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Derailing the Drama Triangle

Do you have drama in your workplace? I guess most of us do. As I shared in last week's post, research shows that the average employee spends 2 hours and 26 minutes per day on drama and emotional waste (Cy Wakeman).


Unfortunately, increased drama in your business is more than just a leadership headache – it directly impacts your bottom line. The more your team engages in drama, the less they are focused on your customers and their performance.


The Drama Triangle

As much as we don’t want to admit it, we may often play a part in escalating drama based on the role(s) that we slip into. Have you ever heard of the Drama Triangle? It was developed by Psychiatrist, Steven Karpman in the early 1970s. It is a social model of human interaction that maps a type of destructive interaction that can occur among people when things get stressful or dysfunctional – which, let’s face it, happens a lot! There are three roles that we often play in drama - the Persecutor, the Victim, and the Rescuer.



The Persecutor – “It’s all your fault”

The Persecutor (aka the Villain) is the trouble causer. He or she is often dominating, blaming others, or tearing them down. Persecutors feel superior and desire to have a sense of power and control. They seek rescue by pinpointing problems and directing others as the primary cause of those problems. The validation of their beliefs comes from seeking a victim to hold accountable for their problems and manipulating them into working their way.


Persecutors use these common phrases to justify their actions:

  • If only you would have done what I told you

  • I would not be delayed if you kept your commitments

  • I did not expect this from you

  • I should have never trusted you

  • She did not do her job and now I have to suffer

The Victim – “This is happening to me”

The Victim has kind of a “poor me” attitude and they feel picked on by the Persecutor. He/she feels helpless and powerless and has trouble solving problems or making decisions - and look to the Rescuer to save them.


Some of the common phrases that Victims say to themselves and others are:

  • Why does this happen to me?

  • Poor me

  • I cannot do anything about it

  • I am not responsible for how things turned out

  • I feel helpless

  • I am in desperate need of someone who can get me out of it

The Rescuer – “I need to save others”

The Rescuer (aka the Hero) intervenes for the victim. Rescuers may even see themselves as a hero, solving everyone’s problems. The Rescuer is the go-to person, the sponge for all things needing to be done. If they become aware of a Victim, they may respond with something like, “Poor thing, don’t worry. I will help to fix this situation for you.”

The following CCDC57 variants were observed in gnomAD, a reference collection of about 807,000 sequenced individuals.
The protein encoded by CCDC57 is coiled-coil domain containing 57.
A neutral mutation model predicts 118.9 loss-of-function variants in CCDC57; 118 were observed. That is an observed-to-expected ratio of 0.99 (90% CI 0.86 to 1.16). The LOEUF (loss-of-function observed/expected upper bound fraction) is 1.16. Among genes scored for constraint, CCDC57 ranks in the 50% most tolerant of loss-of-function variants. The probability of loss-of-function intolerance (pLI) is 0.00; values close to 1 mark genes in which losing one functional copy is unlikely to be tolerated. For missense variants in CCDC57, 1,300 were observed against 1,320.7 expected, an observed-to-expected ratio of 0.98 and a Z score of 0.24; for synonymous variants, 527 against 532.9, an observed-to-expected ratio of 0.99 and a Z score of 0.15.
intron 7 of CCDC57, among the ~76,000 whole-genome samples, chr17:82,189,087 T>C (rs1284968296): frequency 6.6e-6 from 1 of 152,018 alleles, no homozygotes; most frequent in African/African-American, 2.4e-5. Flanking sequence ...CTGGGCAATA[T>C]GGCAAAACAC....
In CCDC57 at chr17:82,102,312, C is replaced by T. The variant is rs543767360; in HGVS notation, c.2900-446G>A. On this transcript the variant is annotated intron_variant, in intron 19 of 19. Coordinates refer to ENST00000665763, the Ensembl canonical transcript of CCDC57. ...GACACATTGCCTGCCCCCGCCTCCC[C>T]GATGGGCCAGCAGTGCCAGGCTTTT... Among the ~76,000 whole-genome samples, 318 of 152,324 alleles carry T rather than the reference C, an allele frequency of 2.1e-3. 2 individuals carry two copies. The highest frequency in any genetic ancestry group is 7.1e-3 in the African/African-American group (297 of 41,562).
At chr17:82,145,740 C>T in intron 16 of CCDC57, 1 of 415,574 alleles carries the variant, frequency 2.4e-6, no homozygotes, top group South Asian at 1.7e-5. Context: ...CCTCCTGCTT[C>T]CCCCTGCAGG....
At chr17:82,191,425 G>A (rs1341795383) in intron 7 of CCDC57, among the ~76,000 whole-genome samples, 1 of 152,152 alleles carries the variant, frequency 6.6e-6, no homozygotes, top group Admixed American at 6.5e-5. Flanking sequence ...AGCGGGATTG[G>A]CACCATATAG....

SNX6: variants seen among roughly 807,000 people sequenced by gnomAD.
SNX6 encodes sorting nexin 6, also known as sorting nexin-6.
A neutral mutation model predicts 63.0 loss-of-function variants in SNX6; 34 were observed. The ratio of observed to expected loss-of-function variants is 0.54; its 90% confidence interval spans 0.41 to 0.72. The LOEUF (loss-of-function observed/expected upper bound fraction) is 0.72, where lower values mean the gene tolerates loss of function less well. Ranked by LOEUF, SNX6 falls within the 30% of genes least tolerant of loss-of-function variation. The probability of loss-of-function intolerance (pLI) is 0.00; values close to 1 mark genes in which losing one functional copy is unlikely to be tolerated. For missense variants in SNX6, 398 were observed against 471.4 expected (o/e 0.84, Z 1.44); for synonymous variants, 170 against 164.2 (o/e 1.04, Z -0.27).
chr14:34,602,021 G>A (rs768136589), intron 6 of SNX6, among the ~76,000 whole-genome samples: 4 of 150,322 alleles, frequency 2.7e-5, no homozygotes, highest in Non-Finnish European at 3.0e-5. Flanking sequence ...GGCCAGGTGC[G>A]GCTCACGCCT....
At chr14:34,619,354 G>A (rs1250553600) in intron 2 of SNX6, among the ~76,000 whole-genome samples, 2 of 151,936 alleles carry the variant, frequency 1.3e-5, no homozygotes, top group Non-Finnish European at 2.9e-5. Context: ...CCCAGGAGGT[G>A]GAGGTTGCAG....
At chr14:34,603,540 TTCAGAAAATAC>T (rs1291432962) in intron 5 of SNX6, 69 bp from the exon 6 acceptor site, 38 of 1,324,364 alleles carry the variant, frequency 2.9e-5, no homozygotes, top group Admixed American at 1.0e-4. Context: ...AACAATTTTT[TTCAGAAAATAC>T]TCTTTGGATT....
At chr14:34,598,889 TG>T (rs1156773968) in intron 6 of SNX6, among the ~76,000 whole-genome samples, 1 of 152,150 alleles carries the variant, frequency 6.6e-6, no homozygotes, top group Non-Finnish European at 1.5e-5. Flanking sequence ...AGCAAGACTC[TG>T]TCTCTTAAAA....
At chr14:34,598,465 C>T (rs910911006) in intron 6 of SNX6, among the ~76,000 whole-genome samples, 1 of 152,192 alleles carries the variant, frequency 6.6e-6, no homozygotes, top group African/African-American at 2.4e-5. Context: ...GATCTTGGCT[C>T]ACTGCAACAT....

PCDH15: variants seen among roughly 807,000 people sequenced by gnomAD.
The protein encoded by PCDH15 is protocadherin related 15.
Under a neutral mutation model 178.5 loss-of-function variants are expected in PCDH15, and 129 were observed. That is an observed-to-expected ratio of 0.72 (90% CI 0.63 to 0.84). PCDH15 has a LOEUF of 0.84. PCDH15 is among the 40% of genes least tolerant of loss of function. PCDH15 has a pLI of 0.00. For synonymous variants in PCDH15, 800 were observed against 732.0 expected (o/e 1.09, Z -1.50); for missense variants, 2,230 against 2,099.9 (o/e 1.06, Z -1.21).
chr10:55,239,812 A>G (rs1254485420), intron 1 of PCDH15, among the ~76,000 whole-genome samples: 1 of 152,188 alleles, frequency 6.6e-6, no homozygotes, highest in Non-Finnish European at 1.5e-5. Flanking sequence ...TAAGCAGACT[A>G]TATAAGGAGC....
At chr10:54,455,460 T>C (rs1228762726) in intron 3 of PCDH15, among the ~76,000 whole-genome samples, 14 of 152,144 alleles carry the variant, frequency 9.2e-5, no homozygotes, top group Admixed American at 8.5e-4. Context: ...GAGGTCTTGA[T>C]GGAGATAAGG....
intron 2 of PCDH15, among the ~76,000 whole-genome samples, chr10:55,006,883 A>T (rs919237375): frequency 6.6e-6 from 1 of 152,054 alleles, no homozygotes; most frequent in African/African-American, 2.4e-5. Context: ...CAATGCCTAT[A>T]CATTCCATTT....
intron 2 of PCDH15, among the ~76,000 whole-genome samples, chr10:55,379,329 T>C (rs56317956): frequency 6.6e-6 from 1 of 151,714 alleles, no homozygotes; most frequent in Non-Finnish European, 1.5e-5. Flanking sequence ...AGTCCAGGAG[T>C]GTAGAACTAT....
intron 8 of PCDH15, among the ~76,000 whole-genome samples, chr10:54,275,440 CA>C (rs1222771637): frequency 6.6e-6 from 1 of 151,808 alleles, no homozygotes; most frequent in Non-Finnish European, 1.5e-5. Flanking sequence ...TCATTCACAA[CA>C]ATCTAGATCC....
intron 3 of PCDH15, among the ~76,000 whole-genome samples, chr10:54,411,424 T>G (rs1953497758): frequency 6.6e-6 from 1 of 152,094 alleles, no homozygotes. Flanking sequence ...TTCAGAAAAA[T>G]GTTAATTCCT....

Their motivation is to feel wanted and valued. It may even be to really help but, in doing so, they derail the Victim by constantly jumping in to solve their problems.


A rescuer encourages a victim mindset by using these phrases:

  • I agree with you

  • I think so too

  • Yes, you are right

  • Let me help you

The Problem

Most of us slip into all of these roles from time to time but tend to favor one over the others. It’s a vicious cycle and it goes round and round, creating massive problems and dysfunctional behaviors.


The majority of leaders and HR folks tend to identify with the Rescuer role. When we're in Rescuer mode, we're constantly leaping in to solve problems, jumping in to offer advice, and taking over responsibilities that others should rightfully keep for themselves. We do it with good intentions, but a price is paid by both sides, and it creates more drama.


Transforming the Drama Triangle

The first step is to begin to recognize when the Drama Triangle is coming into play and adjust your behavior to break the pattern. Here is how you can transition to be more effective and end the drama cycle.


Persecutor to Challenger. If you find yourself moving toward the Persecutor role, try to shift into the Challenger role. This involves initiating change and healthy conflict in a more positive, less intimidating way.


Victim to Creator. If you start to shift into the Victim role, move yourself into the Creator role. Creators initiate positive change in the organization. To be effective in this role, you must learn how to communicate what you need and take healthy action yourself. It may take a little coaching to get there but you can do it!


Rescuer to Coach. If you tend to be a Rescuer like me, coach the Victim to solve their own problems. As the Coach, you will provide support, without fixing the problem yourself. You will need to encourage Creators as they often lack confidence and aren’t used to doing things on their own. And you will have to resist the urge to fix everything.



In Conclusion

Drama takes time and energy away from your organization and the bottom line. Now that you understand it, you can derail the drama triangle to stop the cycle!

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